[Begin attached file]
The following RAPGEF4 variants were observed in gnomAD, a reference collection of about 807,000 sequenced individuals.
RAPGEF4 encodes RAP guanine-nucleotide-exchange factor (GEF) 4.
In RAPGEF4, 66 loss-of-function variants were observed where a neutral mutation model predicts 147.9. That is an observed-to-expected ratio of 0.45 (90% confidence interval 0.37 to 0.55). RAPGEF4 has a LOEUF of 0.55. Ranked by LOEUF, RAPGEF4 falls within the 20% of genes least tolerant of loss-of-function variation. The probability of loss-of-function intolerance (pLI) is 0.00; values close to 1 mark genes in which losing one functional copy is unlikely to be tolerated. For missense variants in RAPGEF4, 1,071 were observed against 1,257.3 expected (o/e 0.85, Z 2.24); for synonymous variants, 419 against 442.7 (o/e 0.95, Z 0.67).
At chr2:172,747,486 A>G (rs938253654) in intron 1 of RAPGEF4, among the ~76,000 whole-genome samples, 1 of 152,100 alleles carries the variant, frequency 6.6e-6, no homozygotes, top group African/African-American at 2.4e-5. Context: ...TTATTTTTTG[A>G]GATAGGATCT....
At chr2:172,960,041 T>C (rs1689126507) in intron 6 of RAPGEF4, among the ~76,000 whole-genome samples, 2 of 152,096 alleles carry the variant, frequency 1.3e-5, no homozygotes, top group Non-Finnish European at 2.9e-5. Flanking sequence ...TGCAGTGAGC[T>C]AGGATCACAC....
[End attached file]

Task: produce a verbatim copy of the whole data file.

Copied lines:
The following RAPGEF4 variants were observed in gnomAD, a reference collection of about 807,000 sequenced individuals.
RAPGEF4 encodes RAP guanine-nucleotide-exchange factor (GEF) 4.
In RAPGEF4, 66 loss-of-function variants were observed where a neutral mutation model predicts 147.9. That is an observed-to-expected ratio of 0.45 (90% confidence interval 0.37 to 0.55). RAPGEF4 has a LOEUF of 0.55. Ranked by LOEUF, RAPGEF4 falls within the 20% of genes least tolerant of loss-of-function variation. The probability of loss-of-function intolerance (pLI) is 0.00; values close to 1 mark genes in which losing one functional copy is unlikely to be tolerated. For missense variants in RAPGEF4, 1,071 were observed against 1,257.3 expected (o/e 0.85, Z 2.24); for synonymous variants, 419 against 442.7 (o/e 0.95, Z 0.67).
At chr2:172,747,486 A>G (rs938253654) in intron 1 of RAPGEF4, among the ~76,000 whole-genome samples, 1 of 152,100 alleles carries the variant, frequency 6.6e-6, no homozygotes, top group African/African-American at 2.4e-5. Context: ...TTATTTTTTG[A>G]GATAGGATCT....
At chr2:172,960,041 T>C (rs1689126507) in intron 6 of RAPGEF4, among the ~76,000 whole-genome samples, 2 of 152,096 alleles carry the variant, frequency 1.3e-5, no homozygotes, top group Non-Finnish European at 2.9e-5. Flanking sequence ...TGCAGTGAGC[T>C]AGGATCACAC....